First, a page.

Australia’s WWII nurses honoured

Australia’s WWII nurses honoured

Australia’s WWII nurses honoured

As more than 20 Australian nurses marched into the sea at Bangka Island with machine guns aimed at their backs, matron Irene Drummond stoically told her colleagues she was proud of and loved them all.

Seconds later all but one of the cohort were dead, murdered by Japanese soldiers in February 1942 during World War II.

“Irene’s story is just one of many examples of the nurses’ selflessness and courage in the face of extreme danger,” Australian College of Nursing chief executive Kylie Ward said of Australian nurses’ service during the conflict.

Their sacrifices will be remembered on Tuesday at a ceremony in the Northern Territory honouring nurses who lost their lives serving their nation.

The event also commemorates the 80th anniversary of the sinking of the Vyner Brooke cargo vessel, the Bangka Island massacre in Indonesia and the bombing of Darwin.

“Australia lost a remarkable cohort of highly-skilled nurses during three tragic events in February 1942,” Professor Ward said.

“The bravery, compassion and expertise these nurses displayed continues to leave a lasting legacy on the profession today.”

Vyner Brooke was one of the last ships to flee Singapore carrying evacuees as the island city-state fell to the invading Japanese force.

It sailed south carrying 181 passengers, including the last 65 Australian nurses in Singapore but it was sunk by Japanese aircraft two days into its voyage.

About 150 survivors spent up to 65 hours in the water before wading ashore at Bangka Island, which had already fallen to the enemy.

Many were taken prisoner, but 22 Australian nurses, among a group of more than 60 survivors at Radji Beach, were gunned down by Japanese soldiers.

Major Drummond was among them but one nurse, Vivian Bullwinkel, survived to tell the story.

She hid in the jungle for several days before surrendering to the enemy and spent the rest of the war as a prisoner.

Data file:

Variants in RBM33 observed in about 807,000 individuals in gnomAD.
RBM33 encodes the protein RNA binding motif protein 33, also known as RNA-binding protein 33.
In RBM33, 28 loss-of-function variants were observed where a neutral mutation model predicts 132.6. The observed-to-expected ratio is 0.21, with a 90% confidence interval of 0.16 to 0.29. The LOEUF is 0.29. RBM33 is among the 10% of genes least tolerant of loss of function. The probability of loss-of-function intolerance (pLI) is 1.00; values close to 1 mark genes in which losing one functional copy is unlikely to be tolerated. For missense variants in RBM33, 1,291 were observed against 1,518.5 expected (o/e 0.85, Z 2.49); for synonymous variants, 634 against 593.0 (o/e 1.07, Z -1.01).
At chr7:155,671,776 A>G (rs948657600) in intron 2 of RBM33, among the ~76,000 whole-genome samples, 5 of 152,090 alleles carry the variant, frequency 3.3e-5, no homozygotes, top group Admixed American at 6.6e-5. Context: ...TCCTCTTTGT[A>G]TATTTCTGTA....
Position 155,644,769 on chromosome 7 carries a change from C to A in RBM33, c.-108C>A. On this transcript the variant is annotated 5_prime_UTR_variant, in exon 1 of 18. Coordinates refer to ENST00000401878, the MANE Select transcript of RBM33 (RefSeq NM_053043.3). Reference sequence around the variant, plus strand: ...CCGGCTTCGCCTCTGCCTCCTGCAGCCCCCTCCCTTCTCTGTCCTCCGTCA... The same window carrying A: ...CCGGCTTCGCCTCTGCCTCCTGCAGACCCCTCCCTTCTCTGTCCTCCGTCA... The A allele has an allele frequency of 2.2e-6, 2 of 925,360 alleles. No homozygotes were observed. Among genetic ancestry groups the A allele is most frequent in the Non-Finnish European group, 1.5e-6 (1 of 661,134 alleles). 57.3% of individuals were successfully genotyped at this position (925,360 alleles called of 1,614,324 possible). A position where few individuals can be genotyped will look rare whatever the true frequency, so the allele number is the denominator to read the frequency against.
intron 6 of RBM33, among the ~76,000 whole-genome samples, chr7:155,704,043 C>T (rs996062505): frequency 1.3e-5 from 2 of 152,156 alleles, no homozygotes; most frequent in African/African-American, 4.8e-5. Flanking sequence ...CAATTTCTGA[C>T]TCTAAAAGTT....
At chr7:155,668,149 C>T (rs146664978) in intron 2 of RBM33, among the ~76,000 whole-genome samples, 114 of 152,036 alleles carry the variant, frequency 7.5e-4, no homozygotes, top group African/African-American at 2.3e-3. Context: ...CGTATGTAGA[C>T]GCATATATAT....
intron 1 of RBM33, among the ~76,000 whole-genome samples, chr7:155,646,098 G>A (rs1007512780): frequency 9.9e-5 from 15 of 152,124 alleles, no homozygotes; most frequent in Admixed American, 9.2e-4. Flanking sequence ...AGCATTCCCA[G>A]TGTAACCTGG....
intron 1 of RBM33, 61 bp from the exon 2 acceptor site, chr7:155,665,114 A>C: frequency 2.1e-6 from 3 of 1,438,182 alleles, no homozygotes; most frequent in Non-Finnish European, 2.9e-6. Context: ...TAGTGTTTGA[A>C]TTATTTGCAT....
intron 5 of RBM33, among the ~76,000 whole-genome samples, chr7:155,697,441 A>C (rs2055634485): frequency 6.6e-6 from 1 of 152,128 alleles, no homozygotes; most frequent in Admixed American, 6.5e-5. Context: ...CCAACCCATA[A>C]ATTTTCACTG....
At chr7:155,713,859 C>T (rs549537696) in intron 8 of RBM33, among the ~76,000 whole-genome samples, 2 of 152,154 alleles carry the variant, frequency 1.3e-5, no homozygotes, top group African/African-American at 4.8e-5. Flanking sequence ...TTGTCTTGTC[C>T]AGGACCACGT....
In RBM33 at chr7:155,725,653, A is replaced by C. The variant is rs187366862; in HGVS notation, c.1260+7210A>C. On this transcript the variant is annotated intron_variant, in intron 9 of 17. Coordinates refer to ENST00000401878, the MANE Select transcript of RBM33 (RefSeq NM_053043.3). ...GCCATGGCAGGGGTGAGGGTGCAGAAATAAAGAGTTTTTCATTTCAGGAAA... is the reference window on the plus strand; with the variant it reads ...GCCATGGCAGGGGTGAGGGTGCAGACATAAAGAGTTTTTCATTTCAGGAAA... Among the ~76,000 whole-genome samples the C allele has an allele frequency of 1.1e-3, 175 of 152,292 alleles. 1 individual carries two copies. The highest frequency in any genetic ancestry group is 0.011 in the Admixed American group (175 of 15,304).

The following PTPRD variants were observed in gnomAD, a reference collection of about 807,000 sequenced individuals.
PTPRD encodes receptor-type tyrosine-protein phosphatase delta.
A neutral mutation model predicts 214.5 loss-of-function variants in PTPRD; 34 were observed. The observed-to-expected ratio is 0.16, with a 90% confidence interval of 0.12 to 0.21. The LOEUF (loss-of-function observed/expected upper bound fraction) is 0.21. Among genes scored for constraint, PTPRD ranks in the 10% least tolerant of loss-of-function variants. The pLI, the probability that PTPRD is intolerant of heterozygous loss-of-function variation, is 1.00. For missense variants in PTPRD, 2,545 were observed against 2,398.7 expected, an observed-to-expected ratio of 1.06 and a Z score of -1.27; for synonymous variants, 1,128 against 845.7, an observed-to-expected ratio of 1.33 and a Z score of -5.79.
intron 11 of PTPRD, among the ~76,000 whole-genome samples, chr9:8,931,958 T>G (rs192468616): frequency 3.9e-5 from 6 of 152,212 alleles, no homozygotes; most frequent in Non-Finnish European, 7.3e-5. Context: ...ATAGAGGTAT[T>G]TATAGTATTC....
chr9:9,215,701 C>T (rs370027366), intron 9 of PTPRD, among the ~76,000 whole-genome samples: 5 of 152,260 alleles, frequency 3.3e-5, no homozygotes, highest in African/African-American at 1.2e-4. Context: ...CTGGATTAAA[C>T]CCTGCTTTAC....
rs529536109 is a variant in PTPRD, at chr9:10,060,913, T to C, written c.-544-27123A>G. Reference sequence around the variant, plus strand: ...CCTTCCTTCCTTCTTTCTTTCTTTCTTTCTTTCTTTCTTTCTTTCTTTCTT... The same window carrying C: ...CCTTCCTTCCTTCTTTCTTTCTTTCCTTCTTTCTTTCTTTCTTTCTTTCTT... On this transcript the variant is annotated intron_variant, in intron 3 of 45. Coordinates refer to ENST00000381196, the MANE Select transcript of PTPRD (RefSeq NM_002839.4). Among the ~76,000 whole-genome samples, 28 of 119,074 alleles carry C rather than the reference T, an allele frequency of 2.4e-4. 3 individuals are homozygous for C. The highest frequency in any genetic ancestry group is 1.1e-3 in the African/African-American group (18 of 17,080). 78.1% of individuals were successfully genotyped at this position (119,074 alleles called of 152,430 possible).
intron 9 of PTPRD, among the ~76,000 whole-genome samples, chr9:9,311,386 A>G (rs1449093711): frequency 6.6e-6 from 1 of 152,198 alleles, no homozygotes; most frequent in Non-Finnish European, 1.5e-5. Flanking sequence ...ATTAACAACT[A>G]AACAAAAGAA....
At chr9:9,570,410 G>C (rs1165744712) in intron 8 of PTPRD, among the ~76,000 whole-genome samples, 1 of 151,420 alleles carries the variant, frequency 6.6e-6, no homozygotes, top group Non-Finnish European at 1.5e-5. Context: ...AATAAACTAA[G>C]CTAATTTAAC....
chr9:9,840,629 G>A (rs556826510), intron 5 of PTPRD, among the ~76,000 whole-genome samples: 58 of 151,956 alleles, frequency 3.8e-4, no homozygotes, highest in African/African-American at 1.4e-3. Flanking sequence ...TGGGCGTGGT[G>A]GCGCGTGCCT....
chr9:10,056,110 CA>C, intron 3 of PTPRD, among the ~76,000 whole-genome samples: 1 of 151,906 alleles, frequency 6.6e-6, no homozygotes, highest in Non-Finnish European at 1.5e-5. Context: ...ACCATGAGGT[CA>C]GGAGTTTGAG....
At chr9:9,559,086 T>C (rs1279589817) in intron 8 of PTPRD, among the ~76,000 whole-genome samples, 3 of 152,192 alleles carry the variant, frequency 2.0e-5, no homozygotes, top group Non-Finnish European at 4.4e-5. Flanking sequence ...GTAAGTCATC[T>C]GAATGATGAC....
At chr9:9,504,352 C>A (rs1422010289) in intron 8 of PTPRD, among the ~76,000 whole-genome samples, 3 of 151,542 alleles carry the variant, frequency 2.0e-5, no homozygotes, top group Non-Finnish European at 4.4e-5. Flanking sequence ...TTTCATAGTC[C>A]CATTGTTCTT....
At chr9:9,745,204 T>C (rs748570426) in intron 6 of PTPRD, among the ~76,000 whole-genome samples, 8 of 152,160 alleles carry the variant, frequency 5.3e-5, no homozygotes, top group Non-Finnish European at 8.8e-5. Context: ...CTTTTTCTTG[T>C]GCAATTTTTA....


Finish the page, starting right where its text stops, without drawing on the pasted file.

Of the 65 Australian nurses aboard Vyner Brooke, 12 were killed during the air attack or drowned when the vessel sank and 21 were murdered.

The remainder became prisoners and eight nurses from that cohort died before the end of the war from the deprivations they suffered.

The bombing of Darwin in the same month remains the largest single attack by a foreign power on Australia, killing more than 200 people and injuring hundreds more, including nurses.

“Every Australian should know the stories of the nurses who perished and survived the sinking of the Vyner Brooke, Bangka Island massacre and bombing of Darwin,” Prof Ward said.

“Their legacy must be at the forefront of not just nursing history, but that of our nation.”

The ceremony at Darwin Military Museum will raise funds for two projects aimed at ensuring the history of the Bangka Island massacre is not forgotten.

Hundreds of nurses from across Australia are set to come together in the NT on Wednesday for the National Nursing Forum.

The two-day event will discuss leadership, nurse-led solutions to the nation’s most pressing health challenges, violence against nurses and the impact of climate change on health.


Aaron Bunch
(Australian Associated Press)

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